The Million Dollar Quartet, is a Broadway musical inspired by the famous recording session featuring Elvis Presley, Johnny Cash, Jerry Lee Lewis and Carl Perkins. It was a one time event, taking place on December 4, 1956 – a jam session that went down in history. Reading about it caused me to reflect on the relationship between desire and service to God.
There was a time when I dreamed about becoming a professional entertainer. In my youth I was the lead tenor and soloist for an 80 voice choir that toured the Inland Northwest. Later, I sang in a Gospel/Contemporary Christian quintet – and also made a few dollars on the side as a wedding singer. I was told I had a voice good enough for the big time. Yet, I lacked the drive necessary to capitalize on my God-given talents. If there is one thing I have learned in the 30 years since then, it is that talent is as common as dirt (to paraphrase John Taylor Gatto). It seems to me, the primary obstacle to success is desire.
If a person wants something bad enough they are not going to let anything stand in the way of their dream. Fear is pushed to the side and the well-meaning advice of others to “get a real job” is ignored. This does not mean every person who really, really wants to (fill in the blank) is going to the able to achieve their dream but there is no doubt that those who do accomplish their goals have a strong desire to succeed.
Desire is often an indication of the character God has built in to an individual. Certainly, there is misdirected desire. I once counseled a young man who believed he had the talent to be a gridiron star. The funny thing (in a sad way) is that he had never played football. His grades had been so poor throughout his academic career that he had never been allowed to try out for the team. He was 14 years old when he was in counseling and even with his lack of experience and size (he was 5 foot 4 and about 130 pounds) he still believed he was destined to be an NFL star. The young man needed to get a grip on reality. His desire was misplaced. It said nothing about his God-given abilities.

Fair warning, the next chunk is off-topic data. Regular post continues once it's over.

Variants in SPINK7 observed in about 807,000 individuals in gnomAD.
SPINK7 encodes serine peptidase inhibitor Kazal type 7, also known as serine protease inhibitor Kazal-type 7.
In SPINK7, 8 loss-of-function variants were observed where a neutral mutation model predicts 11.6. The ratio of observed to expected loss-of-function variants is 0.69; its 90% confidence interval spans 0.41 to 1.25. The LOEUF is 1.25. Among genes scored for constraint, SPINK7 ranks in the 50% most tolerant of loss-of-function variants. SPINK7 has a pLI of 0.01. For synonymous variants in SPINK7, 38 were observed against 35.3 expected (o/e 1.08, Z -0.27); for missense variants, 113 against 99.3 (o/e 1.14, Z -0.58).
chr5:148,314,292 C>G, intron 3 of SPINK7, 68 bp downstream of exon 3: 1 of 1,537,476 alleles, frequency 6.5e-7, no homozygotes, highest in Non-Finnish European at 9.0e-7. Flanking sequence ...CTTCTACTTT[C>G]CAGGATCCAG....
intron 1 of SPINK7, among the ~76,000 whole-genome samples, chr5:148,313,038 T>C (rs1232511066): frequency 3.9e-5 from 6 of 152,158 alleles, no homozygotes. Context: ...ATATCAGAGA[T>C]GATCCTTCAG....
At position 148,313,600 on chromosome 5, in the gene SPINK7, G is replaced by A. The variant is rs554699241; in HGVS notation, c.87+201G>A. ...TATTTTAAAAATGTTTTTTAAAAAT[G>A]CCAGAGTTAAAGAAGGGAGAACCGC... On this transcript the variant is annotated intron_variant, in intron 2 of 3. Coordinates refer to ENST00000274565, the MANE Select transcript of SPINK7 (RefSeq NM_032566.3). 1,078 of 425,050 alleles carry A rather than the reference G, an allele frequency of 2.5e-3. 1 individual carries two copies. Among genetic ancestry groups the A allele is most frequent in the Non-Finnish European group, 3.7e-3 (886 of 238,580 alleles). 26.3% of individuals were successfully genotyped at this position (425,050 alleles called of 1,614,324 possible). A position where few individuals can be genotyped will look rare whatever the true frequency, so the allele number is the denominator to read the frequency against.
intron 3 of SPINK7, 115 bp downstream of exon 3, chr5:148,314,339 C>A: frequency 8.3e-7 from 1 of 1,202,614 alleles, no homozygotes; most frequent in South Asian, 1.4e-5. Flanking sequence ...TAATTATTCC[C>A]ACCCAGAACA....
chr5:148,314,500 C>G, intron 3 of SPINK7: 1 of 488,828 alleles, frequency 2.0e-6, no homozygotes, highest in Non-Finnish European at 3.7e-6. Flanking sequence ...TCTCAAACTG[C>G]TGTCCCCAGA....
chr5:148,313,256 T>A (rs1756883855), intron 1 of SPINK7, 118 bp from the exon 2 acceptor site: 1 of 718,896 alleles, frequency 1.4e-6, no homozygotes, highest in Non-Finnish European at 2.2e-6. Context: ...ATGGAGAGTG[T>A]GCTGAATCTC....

Yet, we should take a good look at the desires of our heart. If we are living a life in submission to Jesus Christ, led by his Word and his Spirit and under God ordained authority, we should expect God will use our desire to help guide us. In a Christlike life God’s desire becomes our own.
Ask yourself, “What is it I most enjoy doing? To what geographic location do I feel drawn? What in my life do people most often identify as my unique talent? What job can I do in the kingdom of God no one else can do?” These are some of the things we can ask in order to discern where the Lord might have us serve him. This Spirit lead self-analysis probably won’t lead us to a different career; it may help us to understand what service we may provide the Lord Jesus on a volunteer basis. The point I want to make is, each of us is a unique creation and each of us have been given certain talents and abilities God wants us to use for his glory. One of the ways we discover what God wants us to do is by taking note of what we desire most in life.